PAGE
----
Also well up in the mix are a prevalence of reigning National 420 Class Champions. Brazil’s André Fiuza/Marcelo Peek to New Zealand’s Josh Berry/Henry Haslett, Portugal’s Diogo Coasta/Pedro Costa to Spain’s Marc Llado/Antoni Massanet and Switzerland’s Maxime Bachelin/Arno de Planta - have all proved themselves more than capable of National Championship glory. Will they make the grade for a World Championship podium finish?
All change in the 420 Ladies fleet and an open race card with only three of last year’s top ten placing teams returning for another shot at podium glory. Mano Udagawa/Mino Ohashi (JPN) who finished 7th, Sofia Giondi/Giulia Gatta (ITA) who finished 9th and tenth placed Margot Vennin/Marie Zugolaro (FRA) will be intent on an upgrade, as the fleet dynamic changes this year.
Don’t overlook the fact that 2014 420 Ladies World Champions, Carlotta Omari/Francesco Russo Cirillo, who now compete in separate partnerships have all the depth of experience required to claim control of the leaderboard. 2016 Italian 420 National Champion, Omari is racing with Matilda Di Stefano, whilst Cirillo has switched to helming and teamed up with Alice Linussi. Both teams hold the advantage of many days of pre-Championship training on the same waters as the 420 Worlds – so you can expect a fiery assault from both teams when racing kicks off tomorrow.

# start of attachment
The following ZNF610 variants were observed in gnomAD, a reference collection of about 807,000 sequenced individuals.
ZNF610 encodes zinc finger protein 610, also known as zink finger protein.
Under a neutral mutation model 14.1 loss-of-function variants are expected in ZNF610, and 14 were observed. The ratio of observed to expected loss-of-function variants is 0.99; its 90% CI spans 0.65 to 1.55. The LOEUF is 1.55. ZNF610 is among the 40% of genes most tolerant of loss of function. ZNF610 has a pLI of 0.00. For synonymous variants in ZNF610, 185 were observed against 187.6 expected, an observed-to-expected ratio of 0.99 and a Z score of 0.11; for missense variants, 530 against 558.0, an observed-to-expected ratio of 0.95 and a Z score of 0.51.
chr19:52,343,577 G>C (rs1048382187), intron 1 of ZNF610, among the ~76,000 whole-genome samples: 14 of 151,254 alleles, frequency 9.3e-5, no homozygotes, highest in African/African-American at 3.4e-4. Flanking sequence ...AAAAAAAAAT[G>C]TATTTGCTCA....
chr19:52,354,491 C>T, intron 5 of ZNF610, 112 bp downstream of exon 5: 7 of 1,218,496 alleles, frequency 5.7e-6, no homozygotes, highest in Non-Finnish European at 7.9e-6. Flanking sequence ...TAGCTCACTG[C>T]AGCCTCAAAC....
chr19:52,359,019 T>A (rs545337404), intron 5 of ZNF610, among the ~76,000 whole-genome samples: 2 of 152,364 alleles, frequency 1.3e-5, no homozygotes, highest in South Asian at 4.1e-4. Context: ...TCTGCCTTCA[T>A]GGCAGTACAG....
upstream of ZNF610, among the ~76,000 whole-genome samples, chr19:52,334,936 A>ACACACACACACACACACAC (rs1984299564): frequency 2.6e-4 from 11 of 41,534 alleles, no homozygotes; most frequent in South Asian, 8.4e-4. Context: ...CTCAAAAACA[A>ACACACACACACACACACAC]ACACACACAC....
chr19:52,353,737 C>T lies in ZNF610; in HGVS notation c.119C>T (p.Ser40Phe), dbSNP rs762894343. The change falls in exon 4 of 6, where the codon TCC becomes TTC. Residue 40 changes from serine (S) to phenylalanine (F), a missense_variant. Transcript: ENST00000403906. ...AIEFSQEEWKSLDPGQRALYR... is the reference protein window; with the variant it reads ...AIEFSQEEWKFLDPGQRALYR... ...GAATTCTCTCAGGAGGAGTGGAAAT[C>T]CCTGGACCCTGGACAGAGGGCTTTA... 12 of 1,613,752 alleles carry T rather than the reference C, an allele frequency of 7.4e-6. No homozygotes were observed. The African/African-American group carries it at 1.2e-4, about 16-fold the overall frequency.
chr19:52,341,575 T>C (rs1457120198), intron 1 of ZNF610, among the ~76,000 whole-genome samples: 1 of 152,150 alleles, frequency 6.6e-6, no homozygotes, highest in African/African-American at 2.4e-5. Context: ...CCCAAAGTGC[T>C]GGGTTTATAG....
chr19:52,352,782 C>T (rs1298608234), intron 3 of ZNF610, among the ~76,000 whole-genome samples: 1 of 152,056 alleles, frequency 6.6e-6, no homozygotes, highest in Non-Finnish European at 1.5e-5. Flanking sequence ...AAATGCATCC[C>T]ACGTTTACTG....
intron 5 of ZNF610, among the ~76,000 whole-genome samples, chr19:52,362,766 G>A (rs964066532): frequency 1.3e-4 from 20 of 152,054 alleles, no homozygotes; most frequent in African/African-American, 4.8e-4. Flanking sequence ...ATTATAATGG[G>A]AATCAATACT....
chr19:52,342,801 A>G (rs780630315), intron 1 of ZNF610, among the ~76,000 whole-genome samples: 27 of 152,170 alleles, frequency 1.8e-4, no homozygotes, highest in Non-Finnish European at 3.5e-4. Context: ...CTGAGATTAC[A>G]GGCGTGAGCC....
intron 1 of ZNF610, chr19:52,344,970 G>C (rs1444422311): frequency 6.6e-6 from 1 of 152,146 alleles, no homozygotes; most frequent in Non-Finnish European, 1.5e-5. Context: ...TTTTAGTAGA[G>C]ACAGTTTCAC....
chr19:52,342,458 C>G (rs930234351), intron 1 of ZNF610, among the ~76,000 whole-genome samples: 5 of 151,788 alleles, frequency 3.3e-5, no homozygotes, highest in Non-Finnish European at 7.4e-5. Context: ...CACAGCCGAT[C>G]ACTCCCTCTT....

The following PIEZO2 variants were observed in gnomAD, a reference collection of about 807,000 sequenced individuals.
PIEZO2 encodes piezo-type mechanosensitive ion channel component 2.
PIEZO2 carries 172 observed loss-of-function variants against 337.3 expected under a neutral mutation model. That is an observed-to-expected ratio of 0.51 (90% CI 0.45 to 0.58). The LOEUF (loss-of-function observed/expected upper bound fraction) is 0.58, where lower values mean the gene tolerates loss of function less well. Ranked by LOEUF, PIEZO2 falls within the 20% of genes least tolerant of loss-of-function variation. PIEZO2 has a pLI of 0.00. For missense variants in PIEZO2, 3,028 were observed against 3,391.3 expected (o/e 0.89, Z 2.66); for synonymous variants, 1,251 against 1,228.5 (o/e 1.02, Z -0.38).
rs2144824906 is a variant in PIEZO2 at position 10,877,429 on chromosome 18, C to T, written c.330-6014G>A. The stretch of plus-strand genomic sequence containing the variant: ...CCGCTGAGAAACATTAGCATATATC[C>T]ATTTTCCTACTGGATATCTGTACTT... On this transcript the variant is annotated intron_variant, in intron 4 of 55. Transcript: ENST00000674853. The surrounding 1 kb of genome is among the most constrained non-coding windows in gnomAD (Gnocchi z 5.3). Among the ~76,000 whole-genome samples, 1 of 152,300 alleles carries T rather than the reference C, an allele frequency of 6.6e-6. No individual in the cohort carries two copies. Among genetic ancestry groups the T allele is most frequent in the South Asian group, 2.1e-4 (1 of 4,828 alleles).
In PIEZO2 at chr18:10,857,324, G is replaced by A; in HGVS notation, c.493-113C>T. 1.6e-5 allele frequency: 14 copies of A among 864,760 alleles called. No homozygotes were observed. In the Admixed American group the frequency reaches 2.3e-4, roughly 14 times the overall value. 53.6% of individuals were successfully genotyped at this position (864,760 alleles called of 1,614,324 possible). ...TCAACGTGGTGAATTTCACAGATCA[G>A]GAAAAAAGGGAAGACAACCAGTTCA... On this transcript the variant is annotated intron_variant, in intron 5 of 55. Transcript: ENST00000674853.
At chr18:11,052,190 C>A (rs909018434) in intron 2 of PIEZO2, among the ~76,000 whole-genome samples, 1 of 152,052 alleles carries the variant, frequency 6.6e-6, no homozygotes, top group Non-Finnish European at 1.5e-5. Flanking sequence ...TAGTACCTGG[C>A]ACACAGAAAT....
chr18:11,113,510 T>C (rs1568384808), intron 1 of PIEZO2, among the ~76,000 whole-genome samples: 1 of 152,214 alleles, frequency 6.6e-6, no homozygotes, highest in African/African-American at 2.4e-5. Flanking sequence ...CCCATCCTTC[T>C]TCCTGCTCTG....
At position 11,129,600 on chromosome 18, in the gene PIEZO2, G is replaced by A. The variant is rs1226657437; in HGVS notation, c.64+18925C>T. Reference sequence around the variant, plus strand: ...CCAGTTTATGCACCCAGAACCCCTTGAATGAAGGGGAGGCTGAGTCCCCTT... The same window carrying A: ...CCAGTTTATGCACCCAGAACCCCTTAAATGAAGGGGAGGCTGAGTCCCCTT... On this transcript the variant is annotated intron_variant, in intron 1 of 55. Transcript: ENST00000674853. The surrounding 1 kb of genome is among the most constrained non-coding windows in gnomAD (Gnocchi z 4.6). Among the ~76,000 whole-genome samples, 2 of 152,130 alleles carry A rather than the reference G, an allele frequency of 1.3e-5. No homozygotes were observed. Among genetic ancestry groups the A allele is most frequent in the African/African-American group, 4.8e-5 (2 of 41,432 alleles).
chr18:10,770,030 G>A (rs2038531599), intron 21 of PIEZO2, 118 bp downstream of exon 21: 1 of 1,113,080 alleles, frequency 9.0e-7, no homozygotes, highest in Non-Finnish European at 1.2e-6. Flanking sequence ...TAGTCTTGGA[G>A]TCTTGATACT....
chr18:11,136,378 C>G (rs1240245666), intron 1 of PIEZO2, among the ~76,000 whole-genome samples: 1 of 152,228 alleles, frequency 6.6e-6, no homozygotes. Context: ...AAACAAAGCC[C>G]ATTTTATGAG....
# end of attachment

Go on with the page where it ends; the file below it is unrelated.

As in the 420 Open, there are numerous podium leading ladies team more than capable of dominating the race track. Winners of the British Youth Nationals, Isabel Davies/Gemma Keers, Evaggelia Drouga / Eua Maria Vardali (GRE) who won Athens Eurolymp Week and many more top class 420 ladies teams have all the ingredients to make this a battle to the end.
Introduced for the first time in 2015, the 16 years and under division offers younger 420 sailors the opportunity to measure up against rivals in their own age group. A critical performance pathway as younger teams advance into senior careers, boosted by their competitiveness against similar aged rivals.
More than double the number of entries, 68 teams in 2016 compared to 33 in 2015, will contest this division, as the 420 Class’ young raw talent faces off in a battle of wills.
Amongst the many names to watch are Violette Dorange/Camille Orio (FRA) who stamped their intent, by finishing 2nd overall last week in the 85 boat 420 fleet at the keenly contested French 420 National Championships.